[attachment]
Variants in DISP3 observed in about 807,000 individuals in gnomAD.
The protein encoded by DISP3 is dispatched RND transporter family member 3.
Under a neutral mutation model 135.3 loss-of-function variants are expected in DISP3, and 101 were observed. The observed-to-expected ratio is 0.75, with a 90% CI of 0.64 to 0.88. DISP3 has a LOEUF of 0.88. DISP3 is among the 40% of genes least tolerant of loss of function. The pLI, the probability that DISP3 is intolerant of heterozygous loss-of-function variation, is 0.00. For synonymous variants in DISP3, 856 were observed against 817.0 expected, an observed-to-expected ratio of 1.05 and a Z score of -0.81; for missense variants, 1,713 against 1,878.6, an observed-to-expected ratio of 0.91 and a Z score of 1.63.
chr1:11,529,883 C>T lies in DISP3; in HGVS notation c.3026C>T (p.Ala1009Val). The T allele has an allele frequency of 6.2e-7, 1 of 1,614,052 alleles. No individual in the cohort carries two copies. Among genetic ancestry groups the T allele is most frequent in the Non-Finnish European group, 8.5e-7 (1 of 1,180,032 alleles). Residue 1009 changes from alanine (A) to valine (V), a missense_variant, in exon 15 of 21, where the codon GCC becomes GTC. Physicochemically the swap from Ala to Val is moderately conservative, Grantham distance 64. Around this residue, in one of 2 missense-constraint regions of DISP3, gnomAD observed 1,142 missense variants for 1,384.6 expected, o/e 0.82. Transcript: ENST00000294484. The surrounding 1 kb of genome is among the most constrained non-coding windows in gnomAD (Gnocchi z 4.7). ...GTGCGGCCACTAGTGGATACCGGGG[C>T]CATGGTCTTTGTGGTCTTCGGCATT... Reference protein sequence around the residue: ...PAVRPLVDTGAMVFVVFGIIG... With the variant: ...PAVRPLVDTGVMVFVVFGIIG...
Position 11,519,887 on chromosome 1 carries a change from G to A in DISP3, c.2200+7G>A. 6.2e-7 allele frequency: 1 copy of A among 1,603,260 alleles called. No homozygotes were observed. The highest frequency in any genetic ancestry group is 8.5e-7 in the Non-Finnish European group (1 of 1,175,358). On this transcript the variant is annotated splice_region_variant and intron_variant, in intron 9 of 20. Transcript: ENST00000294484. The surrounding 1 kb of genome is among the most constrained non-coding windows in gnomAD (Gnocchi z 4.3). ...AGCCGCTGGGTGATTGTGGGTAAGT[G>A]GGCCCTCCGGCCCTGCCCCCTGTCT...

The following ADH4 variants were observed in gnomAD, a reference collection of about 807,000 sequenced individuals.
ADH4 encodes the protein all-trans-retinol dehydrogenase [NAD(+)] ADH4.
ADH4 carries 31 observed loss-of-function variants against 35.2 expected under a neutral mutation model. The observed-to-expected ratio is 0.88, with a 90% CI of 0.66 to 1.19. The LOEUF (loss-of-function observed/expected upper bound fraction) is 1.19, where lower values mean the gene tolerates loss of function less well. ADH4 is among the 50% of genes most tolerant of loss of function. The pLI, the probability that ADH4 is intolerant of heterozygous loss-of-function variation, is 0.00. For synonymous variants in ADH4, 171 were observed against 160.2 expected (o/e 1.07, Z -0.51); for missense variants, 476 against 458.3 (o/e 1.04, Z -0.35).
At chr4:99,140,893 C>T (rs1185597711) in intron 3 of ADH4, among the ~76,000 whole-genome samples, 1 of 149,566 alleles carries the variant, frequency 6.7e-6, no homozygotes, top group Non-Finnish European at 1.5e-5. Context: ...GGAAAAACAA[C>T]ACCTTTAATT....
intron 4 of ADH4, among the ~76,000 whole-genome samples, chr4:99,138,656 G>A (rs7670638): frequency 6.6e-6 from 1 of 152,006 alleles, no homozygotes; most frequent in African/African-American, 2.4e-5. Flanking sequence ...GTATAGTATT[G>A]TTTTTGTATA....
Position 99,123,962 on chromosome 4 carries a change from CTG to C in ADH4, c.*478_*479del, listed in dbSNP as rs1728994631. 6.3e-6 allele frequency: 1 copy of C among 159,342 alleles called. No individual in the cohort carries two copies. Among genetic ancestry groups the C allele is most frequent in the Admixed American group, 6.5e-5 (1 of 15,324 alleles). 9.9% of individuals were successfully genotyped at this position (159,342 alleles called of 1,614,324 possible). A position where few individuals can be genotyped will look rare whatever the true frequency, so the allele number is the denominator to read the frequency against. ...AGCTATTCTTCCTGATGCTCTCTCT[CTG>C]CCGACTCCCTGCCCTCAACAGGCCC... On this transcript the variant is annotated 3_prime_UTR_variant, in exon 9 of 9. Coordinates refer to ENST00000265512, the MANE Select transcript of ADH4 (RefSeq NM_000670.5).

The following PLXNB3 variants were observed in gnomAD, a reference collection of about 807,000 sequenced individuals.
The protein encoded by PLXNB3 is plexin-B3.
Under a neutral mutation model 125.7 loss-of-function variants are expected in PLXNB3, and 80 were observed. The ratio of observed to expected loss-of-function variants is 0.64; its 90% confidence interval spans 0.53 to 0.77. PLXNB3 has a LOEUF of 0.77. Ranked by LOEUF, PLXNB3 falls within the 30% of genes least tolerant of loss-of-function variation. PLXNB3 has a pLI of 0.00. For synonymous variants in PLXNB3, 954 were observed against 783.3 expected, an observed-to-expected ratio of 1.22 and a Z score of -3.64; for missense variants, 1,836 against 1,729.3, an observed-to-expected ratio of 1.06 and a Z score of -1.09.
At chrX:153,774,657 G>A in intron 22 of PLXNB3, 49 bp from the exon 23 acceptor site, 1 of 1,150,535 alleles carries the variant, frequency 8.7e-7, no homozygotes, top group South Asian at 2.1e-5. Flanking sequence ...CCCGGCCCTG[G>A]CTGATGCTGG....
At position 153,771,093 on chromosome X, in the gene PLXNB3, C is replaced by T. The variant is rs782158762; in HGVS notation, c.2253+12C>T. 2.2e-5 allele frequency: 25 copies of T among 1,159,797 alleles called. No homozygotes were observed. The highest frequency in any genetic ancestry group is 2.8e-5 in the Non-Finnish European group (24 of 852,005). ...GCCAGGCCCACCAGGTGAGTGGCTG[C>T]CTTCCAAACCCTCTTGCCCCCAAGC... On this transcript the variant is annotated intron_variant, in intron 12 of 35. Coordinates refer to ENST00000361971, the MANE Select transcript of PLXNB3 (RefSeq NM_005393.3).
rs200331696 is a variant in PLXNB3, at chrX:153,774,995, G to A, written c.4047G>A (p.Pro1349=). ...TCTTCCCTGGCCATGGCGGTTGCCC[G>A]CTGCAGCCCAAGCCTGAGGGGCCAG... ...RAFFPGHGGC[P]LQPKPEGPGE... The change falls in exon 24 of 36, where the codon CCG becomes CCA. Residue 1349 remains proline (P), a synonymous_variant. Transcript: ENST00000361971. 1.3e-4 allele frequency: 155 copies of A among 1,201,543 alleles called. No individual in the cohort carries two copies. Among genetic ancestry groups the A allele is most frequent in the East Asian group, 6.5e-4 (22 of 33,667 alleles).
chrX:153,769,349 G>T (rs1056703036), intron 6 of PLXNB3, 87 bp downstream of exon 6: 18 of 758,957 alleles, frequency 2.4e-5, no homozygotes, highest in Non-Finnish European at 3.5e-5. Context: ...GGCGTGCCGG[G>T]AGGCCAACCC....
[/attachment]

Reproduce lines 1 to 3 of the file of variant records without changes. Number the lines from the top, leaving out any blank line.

Variants in DISP3 observed in about 807,000 individuals in gnomAD.
The protein encoded by DISP3 is dispatched RND transporter family member 3.
Under a neutral mutation model 135.3 loss-of-function variants are expected in DISP3, and 101 were observed. The observed-to-expected ratio is 0.75, with a 90% CI of 0.64 to 0.88. DISP3 has a LOEUF of 0.88. DISP3 is among the 40% of genes least tolerant of loss of function. The pLI, the probability that DISP3 is intolerant of heterozygous loss-of-function variation, is 0.00. For synonymous variants in DISP3, 856 were observed against 817.0 expected, an observed-to-expected ratio of 1.05 and a Z score of -0.81; for missense variants, 1,713 against 1,878.6, an observed-to-expected ratio of 0.91 and a Z score of 1.63.